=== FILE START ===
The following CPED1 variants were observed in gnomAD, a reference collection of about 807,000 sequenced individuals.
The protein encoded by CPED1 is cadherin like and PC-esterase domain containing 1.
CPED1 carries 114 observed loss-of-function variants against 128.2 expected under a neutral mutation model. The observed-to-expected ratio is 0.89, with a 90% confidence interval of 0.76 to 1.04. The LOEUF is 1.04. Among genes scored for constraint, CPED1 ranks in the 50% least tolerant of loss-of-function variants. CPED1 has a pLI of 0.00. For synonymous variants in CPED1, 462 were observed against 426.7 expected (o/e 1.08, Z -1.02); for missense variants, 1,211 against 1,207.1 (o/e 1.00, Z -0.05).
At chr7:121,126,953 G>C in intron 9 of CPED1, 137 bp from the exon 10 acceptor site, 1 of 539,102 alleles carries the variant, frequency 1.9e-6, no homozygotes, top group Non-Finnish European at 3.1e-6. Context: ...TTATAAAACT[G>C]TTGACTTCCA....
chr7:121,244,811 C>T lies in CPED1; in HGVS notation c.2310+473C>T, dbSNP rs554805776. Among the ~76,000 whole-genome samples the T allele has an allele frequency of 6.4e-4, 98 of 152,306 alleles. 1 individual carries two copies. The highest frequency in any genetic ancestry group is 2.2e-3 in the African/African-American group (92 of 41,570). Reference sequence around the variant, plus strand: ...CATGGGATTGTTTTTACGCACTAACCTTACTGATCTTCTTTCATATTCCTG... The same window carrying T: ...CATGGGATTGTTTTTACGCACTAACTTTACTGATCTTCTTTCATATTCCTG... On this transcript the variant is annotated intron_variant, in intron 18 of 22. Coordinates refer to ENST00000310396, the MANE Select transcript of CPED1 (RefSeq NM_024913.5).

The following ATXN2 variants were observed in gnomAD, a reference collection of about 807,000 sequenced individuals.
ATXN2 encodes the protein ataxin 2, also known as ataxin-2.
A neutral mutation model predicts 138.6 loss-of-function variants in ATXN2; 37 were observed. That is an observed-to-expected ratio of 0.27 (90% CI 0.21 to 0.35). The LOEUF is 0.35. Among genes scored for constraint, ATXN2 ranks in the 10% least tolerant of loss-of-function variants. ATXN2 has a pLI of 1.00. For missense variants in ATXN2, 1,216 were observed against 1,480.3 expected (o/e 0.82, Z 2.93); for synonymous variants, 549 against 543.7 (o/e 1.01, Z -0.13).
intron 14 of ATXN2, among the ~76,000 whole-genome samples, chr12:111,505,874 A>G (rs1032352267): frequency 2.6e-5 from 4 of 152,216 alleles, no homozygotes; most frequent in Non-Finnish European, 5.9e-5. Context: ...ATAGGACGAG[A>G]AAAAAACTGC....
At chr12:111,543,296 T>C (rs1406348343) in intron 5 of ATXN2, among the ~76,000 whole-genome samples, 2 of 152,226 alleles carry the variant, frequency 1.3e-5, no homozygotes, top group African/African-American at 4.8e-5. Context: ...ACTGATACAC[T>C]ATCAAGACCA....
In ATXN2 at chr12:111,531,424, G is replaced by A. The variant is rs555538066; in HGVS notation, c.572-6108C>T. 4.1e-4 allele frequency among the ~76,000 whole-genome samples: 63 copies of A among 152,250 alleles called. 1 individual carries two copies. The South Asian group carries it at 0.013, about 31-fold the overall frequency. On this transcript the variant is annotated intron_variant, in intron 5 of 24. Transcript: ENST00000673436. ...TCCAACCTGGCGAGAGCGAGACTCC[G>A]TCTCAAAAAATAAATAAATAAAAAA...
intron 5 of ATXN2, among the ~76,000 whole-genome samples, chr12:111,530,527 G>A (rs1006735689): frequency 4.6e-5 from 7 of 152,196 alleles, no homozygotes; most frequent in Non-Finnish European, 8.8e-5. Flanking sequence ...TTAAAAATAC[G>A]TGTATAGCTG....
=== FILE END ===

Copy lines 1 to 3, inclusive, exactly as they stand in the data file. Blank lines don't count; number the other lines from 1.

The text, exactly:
The following CPED1 variants were observed in gnomAD, a reference collection of about 807,000 sequenced individuals.
The protein encoded by CPED1 is cadherin like and PC-esterase domain containing 1.
CPED1 carries 114 observed loss-of-function variants against 128.2 expected under a neutral mutation model. The observed-to-expected ratio is 0.89, with a 90% confidence interval of 0.76 to 1.04. The LOEUF is 1.04. Among genes scored for constraint, CPED1 ranks in the 50% least tolerant of loss-of-function variants. CPED1 has a pLI of 0.00. For synonymous variants in CPED1, 462 were observed against 426.7 expected (o/e 1.08, Z -1.02); for missense variants, 1,211 against 1,207.1 (o/e 1.00, Z -0.05).